In 1986, fishing was banned in the area because of toxicity levels and in the 90s, things just got worse. The water quality killed hundreds of birds and even led to an outbreak of botulism.
It’s now the largest lake in California with over 70 miles of shoreline (!) and is home to water saltier than the pacific. Over time, odor advisories were issued that could reach as far as Los Angeles.
There are worries now that as the lake shrinks and gets drier, the silt at the bottom will be drying out and blowing into the air. Why is this so worrisome, you ask?
Because of all the agricultural runoff. Over a century’s worth of runoff in the ground. Locals have some of the worst respiratory problems in the state and the drying sea just poses further risks and issues.
Where is Bombay Beach?
Bombay Beach is on the southeastern shore of the Salton Sea. It’s about an hour and forty minutes from Joshua tree, about 2.5 hours from LA and San Diego, and just 26 minutes from Salvation Mountain.
Is Bombay Beach free to visit?
Yes! You can stop at the Ski Inn for food and drinks but other than that, it’s free to visit, drive around, and see the art.
What is there to do in Bombay Beach?
Art! That’s the main draw, driving around to check out all of the really cool art, but you can wander along the beach (without swimming), and have lunch or a drink at the Ski Inn, the only business in Bombay Beach.
All we did was drive around and look at the art, talk to Steve at Bombay Beach Arts and Culture, and walk along the beach looking at the Salton Sea and the art there.
Bombay Beach Map
Here is a map with the main sights marked on it, but I would just recommend driving up and down all of the streets to see everything becuase there is all kinds of little stuff, too.
One thing to note: there are people that live here and there are abandoned structures, some of them are open for exploring and it’s pretty easy to tell which those are. The Bombay Beach Estates is a good example of this. If you’re not sure if you can go into it, don’t.
And if you are going into any buildings or structures, be careful. There’s garbage, glass, and other stuff all over and I don’t want anyone getting hurt here. If you’re not sure a building looks safe enough, just admire it from outside.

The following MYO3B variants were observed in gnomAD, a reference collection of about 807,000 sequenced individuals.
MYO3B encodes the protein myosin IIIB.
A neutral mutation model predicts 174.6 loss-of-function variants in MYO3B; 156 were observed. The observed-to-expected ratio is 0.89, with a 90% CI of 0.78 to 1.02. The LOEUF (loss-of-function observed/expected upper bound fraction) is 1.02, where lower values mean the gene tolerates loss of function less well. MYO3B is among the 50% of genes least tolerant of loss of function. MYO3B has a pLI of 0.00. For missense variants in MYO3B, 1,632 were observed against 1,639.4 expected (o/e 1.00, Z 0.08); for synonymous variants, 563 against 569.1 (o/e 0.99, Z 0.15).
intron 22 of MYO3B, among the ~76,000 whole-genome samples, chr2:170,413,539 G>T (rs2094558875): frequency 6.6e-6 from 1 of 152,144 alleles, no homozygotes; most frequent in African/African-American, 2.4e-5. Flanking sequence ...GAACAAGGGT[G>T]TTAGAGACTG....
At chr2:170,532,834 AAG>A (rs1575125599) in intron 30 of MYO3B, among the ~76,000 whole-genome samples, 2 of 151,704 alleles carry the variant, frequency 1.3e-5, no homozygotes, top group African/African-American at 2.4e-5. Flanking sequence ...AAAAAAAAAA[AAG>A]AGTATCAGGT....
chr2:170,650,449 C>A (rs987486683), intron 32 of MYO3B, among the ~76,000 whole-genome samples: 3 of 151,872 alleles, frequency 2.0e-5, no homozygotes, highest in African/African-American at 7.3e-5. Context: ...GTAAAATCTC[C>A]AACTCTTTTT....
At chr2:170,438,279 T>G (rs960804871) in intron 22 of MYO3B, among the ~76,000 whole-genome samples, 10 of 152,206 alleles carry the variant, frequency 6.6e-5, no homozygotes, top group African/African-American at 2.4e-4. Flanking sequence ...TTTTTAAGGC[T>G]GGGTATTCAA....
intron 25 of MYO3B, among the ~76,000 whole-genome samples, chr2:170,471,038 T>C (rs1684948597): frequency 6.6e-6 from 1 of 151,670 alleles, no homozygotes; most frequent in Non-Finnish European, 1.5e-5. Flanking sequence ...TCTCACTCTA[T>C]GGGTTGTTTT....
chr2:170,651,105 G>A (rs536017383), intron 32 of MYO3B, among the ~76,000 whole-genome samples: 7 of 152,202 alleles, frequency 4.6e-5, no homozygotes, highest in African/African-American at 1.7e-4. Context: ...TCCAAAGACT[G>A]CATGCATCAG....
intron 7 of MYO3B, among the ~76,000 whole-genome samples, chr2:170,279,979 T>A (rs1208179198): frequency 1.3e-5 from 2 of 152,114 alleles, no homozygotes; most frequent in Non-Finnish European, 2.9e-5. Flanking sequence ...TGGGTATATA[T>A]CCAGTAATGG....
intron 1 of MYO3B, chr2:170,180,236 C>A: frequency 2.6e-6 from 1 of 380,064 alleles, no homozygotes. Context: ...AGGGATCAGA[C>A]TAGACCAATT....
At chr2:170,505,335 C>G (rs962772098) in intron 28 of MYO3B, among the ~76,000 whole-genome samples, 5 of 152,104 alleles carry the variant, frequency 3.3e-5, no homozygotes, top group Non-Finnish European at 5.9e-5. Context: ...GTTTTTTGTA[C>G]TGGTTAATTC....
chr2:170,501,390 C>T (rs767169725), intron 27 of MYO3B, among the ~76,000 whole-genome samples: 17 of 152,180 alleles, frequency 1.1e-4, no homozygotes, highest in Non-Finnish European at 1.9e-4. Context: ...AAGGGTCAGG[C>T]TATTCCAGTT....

Can you stay in Bombay Beach?
No, there is a campground but it’s closed as of 1/2/22 and I have no idea if/when it will change. There was other camping available at the Salton Sea not far from Bombay Beach though. Here is more information about camping at the Salton Sea.
And the Ski Inn sounds like a hotel, but it’s actually a bar and restaurant. The only bar and restaurant in Bombay Beach. It’s open daily from 10AM to 12AM.
Can you swim at Bombay Beach?
Negative, ghost rider. That is some toxic water (literally, because of toxic runoff from farms) and you do not want to be in that. It’s also what contributes to any air toxicity.
Is Bombay Beach safe?
It’s safe enough? Encouraging, right? Bombay Beach is fairly run down and there are squatters that live here so stay vigilant but don’t let that scare you off.
I would probably be more worried about the air quality and anything coming in from the sea, but I also wouldn’t let that discourage you from visiting unless you have bad asthma or other serious breathing/lung issues.
I didn’t feel threatened or in danger at all while we were here. I also didn’t notice any horrible smells (my parents don’t remember it being stinky either, I just asked), even down by the water.
If you’re just stopping by for a drive through town or or a couple of hours to check out the art, you should be ok, but that’s definitely something you’d have to decide for yourself and decide how comfortable you are with that.
Is Bombay Beach worth it?
Absolutely! I loved it and would definitely go back. If you’re going to Salvation Mountain and Slab City, this is super close to that, like less than 30 minutes and would be the perfect detour.
I don’t know if everyone needs to visit, but if you like abandoned things, street art/sculpture parks, this is a must-do. You don’t even need tons of time here, it’s a great stop if you’re in the area. We squeezed it in on our drive from Joshua Tree to Tucson.
Bombay Beach photo gallery
Have you been to Bombay Beach at the Salton Sea? Or somewhere else at the Salton Sea? What did you think of it? Did you ever go in it’s glory days? Do you want to go?